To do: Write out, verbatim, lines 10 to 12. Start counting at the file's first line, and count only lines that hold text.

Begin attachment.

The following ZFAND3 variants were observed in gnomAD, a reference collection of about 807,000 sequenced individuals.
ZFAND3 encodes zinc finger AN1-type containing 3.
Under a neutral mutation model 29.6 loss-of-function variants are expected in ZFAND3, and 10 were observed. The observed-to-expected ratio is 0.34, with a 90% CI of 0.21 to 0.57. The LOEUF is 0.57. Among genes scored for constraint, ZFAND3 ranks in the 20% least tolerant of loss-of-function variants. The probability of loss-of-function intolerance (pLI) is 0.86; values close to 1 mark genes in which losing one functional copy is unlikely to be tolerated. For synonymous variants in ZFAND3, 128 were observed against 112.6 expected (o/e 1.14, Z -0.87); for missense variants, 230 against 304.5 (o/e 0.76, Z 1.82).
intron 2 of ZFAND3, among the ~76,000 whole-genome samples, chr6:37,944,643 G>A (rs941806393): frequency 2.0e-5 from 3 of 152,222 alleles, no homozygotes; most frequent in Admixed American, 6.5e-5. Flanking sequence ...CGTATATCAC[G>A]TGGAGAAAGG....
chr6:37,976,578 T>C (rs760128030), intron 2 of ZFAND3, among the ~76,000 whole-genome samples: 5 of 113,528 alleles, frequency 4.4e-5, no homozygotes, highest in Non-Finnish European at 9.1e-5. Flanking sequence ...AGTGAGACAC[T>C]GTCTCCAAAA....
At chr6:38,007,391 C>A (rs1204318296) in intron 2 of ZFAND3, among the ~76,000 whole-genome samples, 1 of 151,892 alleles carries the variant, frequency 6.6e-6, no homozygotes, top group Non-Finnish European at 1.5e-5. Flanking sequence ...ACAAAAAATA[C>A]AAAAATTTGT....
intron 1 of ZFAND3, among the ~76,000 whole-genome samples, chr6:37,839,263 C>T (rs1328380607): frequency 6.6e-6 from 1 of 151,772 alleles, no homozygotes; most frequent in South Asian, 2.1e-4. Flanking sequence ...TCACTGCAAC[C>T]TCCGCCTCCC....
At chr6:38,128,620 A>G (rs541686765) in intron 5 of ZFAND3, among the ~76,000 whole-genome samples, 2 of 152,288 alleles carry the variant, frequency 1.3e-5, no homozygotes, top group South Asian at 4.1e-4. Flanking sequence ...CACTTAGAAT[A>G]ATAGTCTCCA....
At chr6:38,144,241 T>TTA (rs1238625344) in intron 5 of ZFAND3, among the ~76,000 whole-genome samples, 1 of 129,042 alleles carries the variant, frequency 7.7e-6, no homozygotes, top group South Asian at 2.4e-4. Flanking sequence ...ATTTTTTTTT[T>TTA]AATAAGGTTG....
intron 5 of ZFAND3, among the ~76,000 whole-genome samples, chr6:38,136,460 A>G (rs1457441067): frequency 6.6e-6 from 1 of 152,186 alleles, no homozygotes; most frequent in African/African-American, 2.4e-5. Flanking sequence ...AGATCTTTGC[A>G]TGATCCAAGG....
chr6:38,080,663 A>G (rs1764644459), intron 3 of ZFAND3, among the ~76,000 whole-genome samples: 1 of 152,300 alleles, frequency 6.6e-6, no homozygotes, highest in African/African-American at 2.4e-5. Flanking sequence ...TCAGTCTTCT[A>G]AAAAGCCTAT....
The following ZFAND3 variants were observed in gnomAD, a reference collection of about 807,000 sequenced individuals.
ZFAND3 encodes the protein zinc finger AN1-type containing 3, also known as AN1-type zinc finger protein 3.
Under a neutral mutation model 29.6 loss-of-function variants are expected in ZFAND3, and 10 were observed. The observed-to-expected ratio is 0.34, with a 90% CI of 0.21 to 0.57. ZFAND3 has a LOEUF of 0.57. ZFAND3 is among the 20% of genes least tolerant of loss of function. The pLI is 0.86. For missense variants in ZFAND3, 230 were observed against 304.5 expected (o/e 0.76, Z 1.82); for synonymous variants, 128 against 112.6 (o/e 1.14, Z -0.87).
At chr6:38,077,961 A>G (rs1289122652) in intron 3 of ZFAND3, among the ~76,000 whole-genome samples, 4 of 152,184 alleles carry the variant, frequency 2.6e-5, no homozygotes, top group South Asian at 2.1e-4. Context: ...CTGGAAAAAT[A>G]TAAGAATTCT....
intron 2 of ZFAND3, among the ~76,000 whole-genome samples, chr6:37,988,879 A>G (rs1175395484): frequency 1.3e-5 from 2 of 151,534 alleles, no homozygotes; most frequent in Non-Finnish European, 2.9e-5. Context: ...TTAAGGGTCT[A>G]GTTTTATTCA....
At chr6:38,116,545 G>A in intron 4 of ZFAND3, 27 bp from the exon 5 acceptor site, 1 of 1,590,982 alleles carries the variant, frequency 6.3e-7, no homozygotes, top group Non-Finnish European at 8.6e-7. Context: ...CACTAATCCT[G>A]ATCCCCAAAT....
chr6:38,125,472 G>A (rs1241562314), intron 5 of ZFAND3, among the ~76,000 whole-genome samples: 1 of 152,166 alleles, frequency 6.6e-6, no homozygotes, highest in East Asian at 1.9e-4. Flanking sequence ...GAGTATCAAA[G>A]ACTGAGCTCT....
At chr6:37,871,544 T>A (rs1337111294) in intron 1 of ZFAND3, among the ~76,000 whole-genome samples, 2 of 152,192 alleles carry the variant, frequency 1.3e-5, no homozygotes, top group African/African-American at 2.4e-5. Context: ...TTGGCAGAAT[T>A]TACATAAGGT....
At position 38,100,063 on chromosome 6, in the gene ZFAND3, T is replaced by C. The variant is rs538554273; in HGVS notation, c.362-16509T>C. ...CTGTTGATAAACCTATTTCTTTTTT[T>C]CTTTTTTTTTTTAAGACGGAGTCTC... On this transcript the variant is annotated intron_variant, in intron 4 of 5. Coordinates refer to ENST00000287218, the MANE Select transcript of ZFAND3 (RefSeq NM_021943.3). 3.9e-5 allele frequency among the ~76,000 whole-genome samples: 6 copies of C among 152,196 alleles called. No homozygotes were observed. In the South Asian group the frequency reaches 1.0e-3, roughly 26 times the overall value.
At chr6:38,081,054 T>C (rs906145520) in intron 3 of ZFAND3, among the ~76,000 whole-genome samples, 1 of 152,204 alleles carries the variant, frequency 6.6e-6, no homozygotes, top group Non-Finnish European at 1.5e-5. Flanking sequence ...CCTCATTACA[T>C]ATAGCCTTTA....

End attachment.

intron 5 of ZFAND3, among the ~76,000 whole-genome samples, chr6:38,136,460 A>G (rs1457441067): frequency 6.6e-6 from 1 of 152,186 alleles, no homozygotes; most frequent in African/African-American, 2.4e-5. Flanking sequence ...AGATCTTTGC[A>G]TGATCCAAGG....
chr6:38,080,663 A>G (rs1764644459), intron 3 of ZFAND3, among the ~76,000 whole-genome samples: 1 of 152,300 alleles, frequency 6.6e-6, no homozygotes, highest in African/African-American at 2.4e-5. Flanking sequence ...TCAGTCTTCT[A>G]AAAAGCCTAT....
The following ZFAND3 variants were observed in gnomAD, a reference collection of about 807,000 sequenced individuals.